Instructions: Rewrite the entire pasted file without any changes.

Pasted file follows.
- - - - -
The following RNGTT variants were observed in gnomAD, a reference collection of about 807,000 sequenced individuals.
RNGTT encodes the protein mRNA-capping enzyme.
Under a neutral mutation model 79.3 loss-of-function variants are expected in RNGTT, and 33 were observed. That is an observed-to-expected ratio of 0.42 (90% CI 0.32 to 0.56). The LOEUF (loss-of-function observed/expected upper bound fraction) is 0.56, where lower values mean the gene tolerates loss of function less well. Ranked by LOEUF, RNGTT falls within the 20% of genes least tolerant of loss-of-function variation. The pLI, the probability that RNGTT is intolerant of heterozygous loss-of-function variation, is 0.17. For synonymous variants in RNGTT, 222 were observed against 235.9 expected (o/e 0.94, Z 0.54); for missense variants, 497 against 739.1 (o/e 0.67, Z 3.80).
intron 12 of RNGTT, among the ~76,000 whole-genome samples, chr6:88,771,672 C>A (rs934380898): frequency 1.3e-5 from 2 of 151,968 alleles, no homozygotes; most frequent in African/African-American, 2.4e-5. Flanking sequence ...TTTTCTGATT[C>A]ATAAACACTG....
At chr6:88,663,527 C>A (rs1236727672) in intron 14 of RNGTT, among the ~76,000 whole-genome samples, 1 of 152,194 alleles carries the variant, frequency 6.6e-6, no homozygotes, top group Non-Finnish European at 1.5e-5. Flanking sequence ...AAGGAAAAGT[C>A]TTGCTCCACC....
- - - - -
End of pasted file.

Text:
The following RNGTT variants were observed in gnomAD, a reference collection of about 807,000 sequenced individuals.
RNGTT encodes the protein mRNA-capping enzyme.
Under a neutral mutation model 79.3 loss-of-function variants are expected in RNGTT, and 33 were observed. That is an observed-to-expected ratio of 0.42 (90% CI 0.32 to 0.56). The LOEUF (loss-of-function observed/expected upper bound fraction) is 0.56, where lower values mean the gene tolerates loss of function less well. Ranked by LOEUF, RNGTT falls within the 20% of genes least tolerant of loss-of-function variation. The pLI, the probability that RNGTT is intolerant of heterozygous loss-of-function variation, is 0.17. For synonymous variants in RNGTT, 222 were observed against 235.9 expected (o/e 0.94, Z 0.54); for missense variants, 497 against 739.1 (o/e 0.67, Z 3.80).
intron 12 of RNGTT, among the ~76,000 whole-genome samples, chr6:88,771,672 C>A (rs934380898): frequency 1.3e-5 from 2 of 151,968 alleles, no homozygotes; most frequent in African/African-American, 2.4e-5. Flanking sequence ...TTTTCTGATT[C>A]ATAAACACTG....
At chr6:88,663,527 C>A (rs1236727672) in intron 14 of RNGTT, among the ~76,000 whole-genome samples, 1 of 152,194 alleles carries the variant, frequency 6.6e-6, no homozygotes, top group Non-Finnish European at 1.5e-5. Flanking sequence ...AAGGAAAAGT[C>A]TTGCTCCACC....